I have listened to many proponents of Mthwakazi preaching the gospel of hate against the Mashona people. This is driven by the residual pains that are in people regarding the 1983 - 1987 problems. For the record, those were indeed difficult times in Matabeleland and Midlands. However, leading an organisation basing it on hate will only create a destructive outcome. How do I know this? Look at our beloved Zimbabwe, it has been run by the hate of white settlers beginning from the time of Umvukela wesibili, right into independence, and into the 21st century. This hate has driven the Zimbabwean administration to make some bad decisions, that would of course satisfy egos, but disrupt and even decay the economic function of the country. These same problems are going to get a grip on Mthwakazi organisations, if the driving force is HATE of the one group or the other. Fellow brothers and sisters, at the risk of being labelled a sympathiser of the hated group by my own people, let me explain the logic. Adolf Hitler rose to power by preaching hatred. He had no solution to problems for the German people in his Third Reich, but mere hatred. He drummed them up for war that brought so much suffering for both the German people and the world. Likewise, when the leadership of Mthwakazi groups take advantage of people's genuine pain due to the 1983-1987 difficulties, to simmer hatred; nothing good will come out of it. Hear it from me, all that will happen is bringing people together and preach hatred, and if cunning enough, get some level of control for some area. After that greed sets in, the leadership begins to misappropriate resources of the very people in pain, for self-gain, and all hope is lost!

The better path is to preach love and tolerance. This does not mean that the objectives, of seeking self-dominion in whatever form desired, are going to be disregarded. NO! It simply means that the people must be taught to live in love, peace and harmony, while pursuing the intended objectives. If self-dominion, for example, is attained, then no one in these areas will face abuse, revenge or discrimination as a way of settling the 1983-87 scores. While this idea seems far fetched, one would be shocked to learn that the Zimbabwean government may not exactly be averse to the idea of granting some level of self-dominion to Mthwakazi, however the amount of hostile talk that comes from our brothers would make the government conclude that self-dominion could be a mistake on their part. You will observe their arguments beginning to highlight that Mthwakazi self-dominion is tribal. Where are they getting this from? They are simply listening to our brothers speaking and deduce that Mthwakazi is for the Ndebele! You see, even fellow Matabelelanders like the Kalanga, and the Sotho are worried about outright Ndebele rhetoric. To the government then, the concern becomes: What is going to happen to many other ethnicities if self-dominion is granted? Well, especially those of Shona background or origins, what is going to happen to them? You see my brothers, these are genuine concerns!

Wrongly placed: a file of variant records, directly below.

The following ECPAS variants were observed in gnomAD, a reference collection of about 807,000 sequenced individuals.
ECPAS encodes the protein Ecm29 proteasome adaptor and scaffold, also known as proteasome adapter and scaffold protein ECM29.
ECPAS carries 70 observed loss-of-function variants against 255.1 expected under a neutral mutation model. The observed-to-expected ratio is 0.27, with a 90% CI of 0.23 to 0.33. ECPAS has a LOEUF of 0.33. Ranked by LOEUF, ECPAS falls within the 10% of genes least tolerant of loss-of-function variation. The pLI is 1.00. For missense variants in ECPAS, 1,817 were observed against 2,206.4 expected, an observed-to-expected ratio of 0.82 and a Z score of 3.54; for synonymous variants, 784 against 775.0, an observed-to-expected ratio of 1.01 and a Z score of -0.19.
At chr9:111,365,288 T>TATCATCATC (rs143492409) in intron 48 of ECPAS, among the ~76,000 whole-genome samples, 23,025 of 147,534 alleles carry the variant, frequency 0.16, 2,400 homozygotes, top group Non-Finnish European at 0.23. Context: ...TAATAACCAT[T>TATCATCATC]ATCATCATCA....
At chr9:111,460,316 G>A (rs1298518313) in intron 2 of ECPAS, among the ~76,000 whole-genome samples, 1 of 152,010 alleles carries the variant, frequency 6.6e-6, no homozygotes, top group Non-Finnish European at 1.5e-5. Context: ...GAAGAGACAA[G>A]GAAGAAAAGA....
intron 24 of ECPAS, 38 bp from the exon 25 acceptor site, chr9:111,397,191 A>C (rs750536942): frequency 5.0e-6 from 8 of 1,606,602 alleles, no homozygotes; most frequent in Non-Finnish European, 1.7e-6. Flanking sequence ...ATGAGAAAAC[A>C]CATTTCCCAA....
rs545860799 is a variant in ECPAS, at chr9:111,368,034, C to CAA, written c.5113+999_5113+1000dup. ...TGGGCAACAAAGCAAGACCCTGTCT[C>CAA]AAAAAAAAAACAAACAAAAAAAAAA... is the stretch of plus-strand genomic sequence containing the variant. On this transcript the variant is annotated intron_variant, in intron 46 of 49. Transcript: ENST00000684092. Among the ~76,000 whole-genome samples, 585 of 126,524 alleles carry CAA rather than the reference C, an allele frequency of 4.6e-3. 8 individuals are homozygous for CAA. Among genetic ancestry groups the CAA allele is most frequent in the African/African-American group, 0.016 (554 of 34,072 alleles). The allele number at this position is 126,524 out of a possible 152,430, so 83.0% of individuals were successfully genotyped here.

However, if the leadership of these varied Mthwakazi groups were to espouse love of all peoples, and teach it to their people, the discussion about Mthwakazi would begin to take a more civil dimension. Most of us will be shocked to realise that even the Zimbabwean government may not be as barbaric as taunted. The hallmark of civility is the ability to tread murky paths by dialogue without the use of violence. A 21st century Mthwakazian has to learn this important lesson about social organisation if the Mthwakazi ideal is to survive. This article may bring forth ridicule to me as I may be interpreted as a sympathiser, and as they like to say inkothazihlama zabancindezeli. These are insulting words no one wants to be called names by. However, I have no choice here but be as frank and loving to my people as I can. Only the correct premises can turn out to bring correct results.

In as much as we disdain being marginalised in today's economic system, we should labour to create a system that is all inclusive for the future such that the very Mthwakazi ideal shall not become a vehicle of marginalising another groups of people when a position of advantage is attained. My fellow Mthwakazian in Jotsholo, Jambesi, Mberengwa, Binga, etc may not be knowledgeable in matters under discussion here. And yet some day, that man may be asked by way of referendum or otherwise to make a decision whether or not the Mthwakazi idea is sensible to him. If hatred is all we have been teaching, then I am afraid, he may find it not sensible. If love is what we have been teaching and we would have taken time to illustrate why the Mthwakazi ideas could make the economy better, his livelihood better, his future better, the future of his progeny better, I tell you he will vote for and even participate in this Mthwakazi cause.

In conclusion, when leaders lead by love, they are able to self-introspect and arrive at conclusions that may turn out to be the best for the organisations they lead, and not necessarily good for them. This ability for the leadership to sacrifice for the greater good is what makes a leader great. Yes, we must read it correctly, it is the leaders who ought to sacrifice for the greater good, not the commoner to sacrifice for the greater good because he does not know what the greater good is. Communism has taught us that when the commoner cuts his limb and hand for the greater good, the leadership tends to simply devour the sacrifices of the commoner.

Kernan Mzelikahle is an apolitical analyst, and may be contacted by cellphone on 0775195334, or by email on k.mzelikahle@gmail.com, twitter handle is @Mzelikahle. This article and others like it may be found on Mthwakazi Forum website: sites.google.com/view/mthwakaziforum


Source - Kernan Mzelikahle